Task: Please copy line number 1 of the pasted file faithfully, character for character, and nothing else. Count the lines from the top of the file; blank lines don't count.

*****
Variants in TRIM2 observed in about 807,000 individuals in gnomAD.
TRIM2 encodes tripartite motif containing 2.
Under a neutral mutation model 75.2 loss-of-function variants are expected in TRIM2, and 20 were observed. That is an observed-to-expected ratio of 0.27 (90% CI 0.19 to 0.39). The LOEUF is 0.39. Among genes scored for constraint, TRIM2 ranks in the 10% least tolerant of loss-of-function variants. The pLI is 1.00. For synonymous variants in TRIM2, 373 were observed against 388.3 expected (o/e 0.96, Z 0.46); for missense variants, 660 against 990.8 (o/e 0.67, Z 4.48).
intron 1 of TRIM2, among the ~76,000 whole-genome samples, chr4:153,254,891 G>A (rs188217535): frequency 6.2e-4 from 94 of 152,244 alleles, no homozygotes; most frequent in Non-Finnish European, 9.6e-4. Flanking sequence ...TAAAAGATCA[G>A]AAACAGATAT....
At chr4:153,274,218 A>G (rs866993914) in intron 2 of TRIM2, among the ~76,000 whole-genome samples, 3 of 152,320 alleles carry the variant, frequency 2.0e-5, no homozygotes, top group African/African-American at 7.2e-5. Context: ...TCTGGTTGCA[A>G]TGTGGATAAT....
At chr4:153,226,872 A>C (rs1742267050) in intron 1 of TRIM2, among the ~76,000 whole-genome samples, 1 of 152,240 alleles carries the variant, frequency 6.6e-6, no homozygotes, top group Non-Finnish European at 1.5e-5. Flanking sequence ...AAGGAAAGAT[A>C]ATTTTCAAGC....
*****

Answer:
Variants in TRIM2 observed in about 807,000 individuals in gnomAD.